Welcome to the final article in the UNDERSTANDING PAIN series.

If you missed the first 3 articles, then I highly recommend you go back and read them first! You can find them here.

In today’s article, I will explain how chronic pain can be reversed.

Pain is real, but it’s not always accurate

When pain becomes persistent or chronic, the outcome is a pain response that no longer represents an accurate picture of true harm. The brain and body have overcalculated the level of threat and are sending pain messages, even though the original injury may no longer be problematic.

This does not mean that the pain is not real! Chronic pain is very real – it is just no longer an accurate interpretation of the injury.

Take this analogy: when you stare into the sun and then look away, you can still see white spots in your eyes. This is because the stimulus was so intense for the detectors that even after it’s gone, they are still firing.

It’s similar at a loud concert: your ears are exposed to such intense noise that after you leave, they often still ring for hours because the detectors were overstimulated.

It’s no different with pain: even after the injury or danger has gone, the pain response can keep playing on.

Pain is reversible: detectors and spines

Whilst the changes in the body and brain associated with chronic pain can seem complex and extensive, the good news is that all of it is reversible! You have approximately 37 trillion cells in your body. The life of a human cell is generally pretty short, and you are constantly replacing cells all the time.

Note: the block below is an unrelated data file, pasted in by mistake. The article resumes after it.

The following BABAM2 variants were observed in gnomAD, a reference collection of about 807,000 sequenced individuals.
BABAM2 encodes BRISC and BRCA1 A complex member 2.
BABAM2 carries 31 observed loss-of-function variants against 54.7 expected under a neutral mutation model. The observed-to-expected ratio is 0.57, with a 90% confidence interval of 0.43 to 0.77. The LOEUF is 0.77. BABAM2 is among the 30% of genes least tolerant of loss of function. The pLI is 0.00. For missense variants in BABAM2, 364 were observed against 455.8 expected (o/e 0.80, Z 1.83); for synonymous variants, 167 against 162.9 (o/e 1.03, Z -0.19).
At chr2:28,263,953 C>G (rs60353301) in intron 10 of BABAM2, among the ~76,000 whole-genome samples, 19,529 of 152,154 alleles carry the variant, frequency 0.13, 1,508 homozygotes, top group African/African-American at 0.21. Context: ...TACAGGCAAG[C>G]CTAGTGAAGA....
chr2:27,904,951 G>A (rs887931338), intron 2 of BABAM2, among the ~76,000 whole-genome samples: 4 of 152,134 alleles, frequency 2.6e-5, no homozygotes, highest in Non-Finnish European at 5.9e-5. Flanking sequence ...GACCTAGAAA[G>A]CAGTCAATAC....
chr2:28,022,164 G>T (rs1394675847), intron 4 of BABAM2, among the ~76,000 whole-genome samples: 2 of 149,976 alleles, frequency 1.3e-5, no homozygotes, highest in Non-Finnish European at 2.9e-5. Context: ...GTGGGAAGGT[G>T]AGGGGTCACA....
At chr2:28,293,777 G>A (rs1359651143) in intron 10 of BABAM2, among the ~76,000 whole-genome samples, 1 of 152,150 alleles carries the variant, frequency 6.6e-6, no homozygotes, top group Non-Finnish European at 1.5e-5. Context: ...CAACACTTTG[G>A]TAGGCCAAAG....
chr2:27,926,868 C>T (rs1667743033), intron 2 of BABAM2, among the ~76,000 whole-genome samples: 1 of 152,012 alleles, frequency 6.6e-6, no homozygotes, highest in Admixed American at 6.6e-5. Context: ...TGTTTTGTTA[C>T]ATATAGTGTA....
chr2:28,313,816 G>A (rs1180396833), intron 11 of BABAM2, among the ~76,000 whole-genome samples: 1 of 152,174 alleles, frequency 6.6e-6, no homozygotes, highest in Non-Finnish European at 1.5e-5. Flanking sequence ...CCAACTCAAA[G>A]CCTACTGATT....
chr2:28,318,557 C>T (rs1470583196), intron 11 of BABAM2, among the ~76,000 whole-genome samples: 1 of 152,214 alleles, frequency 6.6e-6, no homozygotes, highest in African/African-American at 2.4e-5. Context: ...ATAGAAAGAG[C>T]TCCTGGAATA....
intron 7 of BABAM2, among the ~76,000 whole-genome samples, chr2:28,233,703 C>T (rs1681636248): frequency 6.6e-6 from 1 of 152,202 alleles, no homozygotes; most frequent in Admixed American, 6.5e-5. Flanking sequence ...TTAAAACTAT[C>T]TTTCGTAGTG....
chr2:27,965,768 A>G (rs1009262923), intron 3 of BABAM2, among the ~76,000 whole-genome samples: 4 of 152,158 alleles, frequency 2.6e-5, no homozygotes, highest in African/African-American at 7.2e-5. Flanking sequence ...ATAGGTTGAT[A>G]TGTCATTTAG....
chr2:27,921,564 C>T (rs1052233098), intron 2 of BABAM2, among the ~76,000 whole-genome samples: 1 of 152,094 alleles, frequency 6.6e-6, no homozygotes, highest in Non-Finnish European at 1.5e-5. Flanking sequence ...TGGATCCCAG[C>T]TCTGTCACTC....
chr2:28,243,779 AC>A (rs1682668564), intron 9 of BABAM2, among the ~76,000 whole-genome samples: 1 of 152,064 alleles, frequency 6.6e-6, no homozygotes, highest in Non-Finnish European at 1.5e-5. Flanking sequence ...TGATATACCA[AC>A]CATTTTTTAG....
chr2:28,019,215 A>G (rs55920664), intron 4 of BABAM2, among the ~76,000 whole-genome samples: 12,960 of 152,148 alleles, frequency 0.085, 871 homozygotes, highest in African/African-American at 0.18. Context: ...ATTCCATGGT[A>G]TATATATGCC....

The detectors that sense danger in your tissues only last a few days before they are replaced, so with the right training you can replace these oversensitive sensors with ones that are more accurate.

Your overexcited spinal cord can also be tamed, just like a well-trained puppy. Just as the brain can tell the spinal cord to be more protective and vigilant, it can also release chemicals that make it less sensitised and ask it to only relay danger messages that are really important.

This is how many drugs like paracetamol (called acetaminophen in some countries) work, but the body has its own chemicals that are even better.

Pain is reversible: neuroplasticity

Remember the word neuroplasticity? If you’ve forgotten, it means the brain can change and adapt, just like plastic. The various changes that occur in your brain that make you better at feeling pain can all be reversed.

You have about 80 billion brain cells, called neurons, and each cell can form thousands of links with other cells – the average brain has over 100 trillion connections. A famous scientist once said: ‘neurons that fire together, wire together’, which means the more often you practice something, the stronger the connections in the brain become.

How do we reverse it?

Reversing chronic pain can be a slow process with ups and downs, but it is very achievable. Under the guidance of a physiotherapist and other health professionals, some of the main strategies for reversing chronic pain include:

1. Gradual exposure to movement and exercise
2. Down-training the nervous system through mindfulness, massage, breath-work and relaxation techniques
3. Pain education
4. Eliminating inflammatory foods from the diet
5. Sleep improvement strategies
6. Improving body alignment and movement mechanics in the body
7. Mental rehearsal of painful movements

You now have an understanding of what pain is, how it occurs, why pain is actually very important, but how it can sometimes malfunction. Scientific research has shown that one of the most important factors in overcoming persistent pain is understanding the biology of pain. Congratulations – you’ve already accomplished one of the key steps to getting your life back!


  • Pain is an important protective mechanism
  • The level of pain you experience is determined by how much danger your brain believes you are in
  • It does not tell you about how much damage there is to your tissues
  • Chronic pain is rarely an accurate assessment of danger to your body
  • All of the changes in your body associated with chronic pain are reversible
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